In 2000, King stepped down to write her first book, which was published by Random House. HATE CRIME: The Story of a Dragging in Jasper, Texas (Pantheon, 2002) is the only book about the case that has been endorsed by everyone connected to the case, including the sheriff, district attorney, and other town officials. The critically-acclaimed book landed King on CNN, BET, NPR, USA Radio, Book TV, and The Oprah Winfrey Show. (The transcript for this interview is available HERE.)
King’s thesis was simple: “Justice can open the door to healing.” She was often quoted in newspapers across the nation for her belief that people are still too dependent on stereotypes, instead of taking each person “one at a time.” King truly believed that Jasper got it right and that other larger cities and multiple jurisdictions could actually use Jasper as a model to make sure justice gets delivered in high-profile cases. To this day, King has remained friends with Sheriff Billy Rowles and still regularly visits Jasper, Texas.
Joyce King is also a national columnist. For more than 12 years, her columns have been published in several newspapers, including the Houston Chronicle, San Antonio Express-News, Austin American Statesman, The San Diego Union-Tribune, The Dallas Morning News, Fort Worth Star-Telegram and her longtime freelance home, USA Today. In fact, it was a column about justice in that very newspaper, that captured the attention of a lawyer who reached out.
In 2007, King was stunned to find herself asked if she would become the first non-jurist to serve on the executive board of directors for the Innocence Project of Texas, a nonprofit devoted to overturning wrongful convictions in the state that leads the nation in DNA exonerations. After prayerful consideration, King told the founder and chief counsel, she would do whatever she could to help. Thus began King’s legal education for “actual innocence” work.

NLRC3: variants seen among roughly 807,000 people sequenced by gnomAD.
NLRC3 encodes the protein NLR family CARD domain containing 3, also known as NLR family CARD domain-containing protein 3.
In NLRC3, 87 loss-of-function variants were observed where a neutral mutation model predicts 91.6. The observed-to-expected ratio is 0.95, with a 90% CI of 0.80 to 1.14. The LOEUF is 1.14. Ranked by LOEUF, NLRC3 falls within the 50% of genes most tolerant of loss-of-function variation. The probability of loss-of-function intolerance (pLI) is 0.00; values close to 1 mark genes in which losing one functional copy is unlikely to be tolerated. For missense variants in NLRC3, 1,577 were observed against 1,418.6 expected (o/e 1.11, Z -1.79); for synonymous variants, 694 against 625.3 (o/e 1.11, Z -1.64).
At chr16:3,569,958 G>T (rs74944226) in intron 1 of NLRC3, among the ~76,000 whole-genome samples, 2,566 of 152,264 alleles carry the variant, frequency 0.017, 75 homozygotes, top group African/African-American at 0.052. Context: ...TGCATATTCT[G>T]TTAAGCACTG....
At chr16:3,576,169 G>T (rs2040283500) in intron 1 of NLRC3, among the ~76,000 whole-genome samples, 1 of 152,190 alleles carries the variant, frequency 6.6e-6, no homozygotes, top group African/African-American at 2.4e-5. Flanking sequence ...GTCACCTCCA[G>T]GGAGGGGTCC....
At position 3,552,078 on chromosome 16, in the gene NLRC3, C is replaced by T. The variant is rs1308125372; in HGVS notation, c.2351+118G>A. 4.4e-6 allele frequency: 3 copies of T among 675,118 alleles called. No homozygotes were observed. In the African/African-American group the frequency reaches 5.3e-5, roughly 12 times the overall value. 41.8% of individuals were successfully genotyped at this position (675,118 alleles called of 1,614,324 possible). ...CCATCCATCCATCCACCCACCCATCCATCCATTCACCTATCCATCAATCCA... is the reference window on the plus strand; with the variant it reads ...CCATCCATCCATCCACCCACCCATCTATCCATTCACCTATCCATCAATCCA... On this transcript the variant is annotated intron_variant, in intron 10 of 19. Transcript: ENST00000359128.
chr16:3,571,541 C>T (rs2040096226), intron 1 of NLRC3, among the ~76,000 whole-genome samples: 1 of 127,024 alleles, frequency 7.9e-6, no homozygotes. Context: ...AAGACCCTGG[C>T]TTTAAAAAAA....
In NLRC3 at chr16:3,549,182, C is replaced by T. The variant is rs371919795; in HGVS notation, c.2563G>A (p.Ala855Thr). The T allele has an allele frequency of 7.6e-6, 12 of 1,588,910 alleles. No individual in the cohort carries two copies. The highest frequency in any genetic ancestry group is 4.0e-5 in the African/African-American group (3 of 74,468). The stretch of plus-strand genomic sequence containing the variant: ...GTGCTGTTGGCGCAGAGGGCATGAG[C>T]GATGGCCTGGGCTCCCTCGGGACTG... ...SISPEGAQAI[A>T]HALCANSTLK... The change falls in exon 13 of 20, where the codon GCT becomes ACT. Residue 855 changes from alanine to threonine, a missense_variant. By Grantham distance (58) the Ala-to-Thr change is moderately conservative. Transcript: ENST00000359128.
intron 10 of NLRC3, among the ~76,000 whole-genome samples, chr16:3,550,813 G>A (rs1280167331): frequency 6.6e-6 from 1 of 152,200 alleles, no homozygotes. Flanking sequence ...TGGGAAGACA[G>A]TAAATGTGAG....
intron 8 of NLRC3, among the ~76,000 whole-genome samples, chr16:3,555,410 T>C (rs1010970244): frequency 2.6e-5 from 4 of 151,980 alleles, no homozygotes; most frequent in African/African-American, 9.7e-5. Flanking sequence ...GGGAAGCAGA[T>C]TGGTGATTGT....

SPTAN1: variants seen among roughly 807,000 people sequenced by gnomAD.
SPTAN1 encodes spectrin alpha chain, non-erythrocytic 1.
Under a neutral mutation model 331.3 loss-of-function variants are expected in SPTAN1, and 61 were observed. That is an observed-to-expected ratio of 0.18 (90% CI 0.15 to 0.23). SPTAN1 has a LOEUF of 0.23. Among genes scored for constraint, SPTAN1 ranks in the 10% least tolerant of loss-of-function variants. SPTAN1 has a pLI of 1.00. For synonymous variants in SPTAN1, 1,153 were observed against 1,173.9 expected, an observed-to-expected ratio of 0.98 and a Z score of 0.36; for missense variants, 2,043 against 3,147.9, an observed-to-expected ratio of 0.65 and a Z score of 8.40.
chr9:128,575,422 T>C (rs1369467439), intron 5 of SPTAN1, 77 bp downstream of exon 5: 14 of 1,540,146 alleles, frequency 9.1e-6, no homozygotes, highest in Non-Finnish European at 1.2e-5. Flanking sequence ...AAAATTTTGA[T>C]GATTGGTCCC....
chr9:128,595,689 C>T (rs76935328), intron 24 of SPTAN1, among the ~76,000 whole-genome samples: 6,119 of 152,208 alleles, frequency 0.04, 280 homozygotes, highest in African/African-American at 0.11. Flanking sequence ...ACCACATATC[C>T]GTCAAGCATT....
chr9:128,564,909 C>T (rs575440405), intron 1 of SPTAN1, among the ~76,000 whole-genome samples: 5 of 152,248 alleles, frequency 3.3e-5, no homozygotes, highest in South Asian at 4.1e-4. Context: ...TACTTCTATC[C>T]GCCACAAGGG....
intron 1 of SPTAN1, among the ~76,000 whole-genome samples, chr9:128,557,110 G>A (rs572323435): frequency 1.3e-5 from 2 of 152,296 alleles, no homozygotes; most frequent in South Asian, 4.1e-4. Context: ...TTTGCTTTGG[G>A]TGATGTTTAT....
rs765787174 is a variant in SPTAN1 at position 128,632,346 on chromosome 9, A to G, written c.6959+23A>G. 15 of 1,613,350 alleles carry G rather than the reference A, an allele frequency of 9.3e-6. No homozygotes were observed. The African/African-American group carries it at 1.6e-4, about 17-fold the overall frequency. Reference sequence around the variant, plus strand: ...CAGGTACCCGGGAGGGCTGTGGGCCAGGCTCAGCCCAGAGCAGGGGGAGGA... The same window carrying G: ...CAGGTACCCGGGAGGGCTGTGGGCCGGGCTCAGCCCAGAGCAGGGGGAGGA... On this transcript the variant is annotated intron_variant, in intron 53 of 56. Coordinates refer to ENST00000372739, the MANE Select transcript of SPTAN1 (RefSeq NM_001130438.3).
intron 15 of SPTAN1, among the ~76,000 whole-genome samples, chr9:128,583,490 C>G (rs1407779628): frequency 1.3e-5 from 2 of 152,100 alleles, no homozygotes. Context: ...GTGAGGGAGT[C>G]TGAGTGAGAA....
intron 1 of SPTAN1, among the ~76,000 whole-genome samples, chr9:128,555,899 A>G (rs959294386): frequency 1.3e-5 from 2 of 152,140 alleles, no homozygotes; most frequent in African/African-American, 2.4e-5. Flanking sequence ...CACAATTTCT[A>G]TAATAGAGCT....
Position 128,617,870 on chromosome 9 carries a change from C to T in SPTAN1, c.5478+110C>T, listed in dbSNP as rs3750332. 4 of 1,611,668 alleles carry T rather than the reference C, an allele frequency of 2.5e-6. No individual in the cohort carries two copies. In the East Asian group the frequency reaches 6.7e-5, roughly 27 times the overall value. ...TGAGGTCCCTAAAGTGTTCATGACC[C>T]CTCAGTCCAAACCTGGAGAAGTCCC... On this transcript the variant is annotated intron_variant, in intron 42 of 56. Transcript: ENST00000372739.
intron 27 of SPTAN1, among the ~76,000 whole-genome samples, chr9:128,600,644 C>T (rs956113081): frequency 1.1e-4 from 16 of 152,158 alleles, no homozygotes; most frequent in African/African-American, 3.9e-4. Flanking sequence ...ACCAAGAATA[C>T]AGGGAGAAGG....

King’s life changed dramatically when the Innocence Project of Texas helped a man named James Lee Woodard win his freedom after his wrongful conviction for the murder of the woman he loved. At the time Woodard was exonerated, in April 2008, he became the longest-serving inmate in America to be freed by DNA evidence. Woodard did not know who King was, even though several of the lawyers with IPOT told him she was on the board of directors. Not long after, Joyce King and James Woodard were inseparable.
EXONERATED: A Brief and Dangerous Freedom is the extraordinary journey of what happened from the day Woodard saw King in court to the day he died of a seizure in Dallas County Jail. All during their time as a couple, as soul mates, as two lovers planning their wedding and future, King constantly promised Woodard that she would tell the world his story and how hard he worked to survive his freedom.
The journey to love, to grieve, to heal, to begin again, and to keep her promise to Woodard, has challenged King in ways she could not have dreamed. But the writer knew one thing for sure when she examined the heaven and hell they endured—she could not move forward until fulfilling the promise.
“To say that I hope people ‘enjoy this story’ doesn’t seem appropriate since it wasn’t even close to the fairytale ending I was dreaming of,” King recently stated. “But, it is a love story that anyone with a heart can relate to. I have no regrets about loving James, a humble, honorable human being who chose me for his soul mate. I definitely chose him.”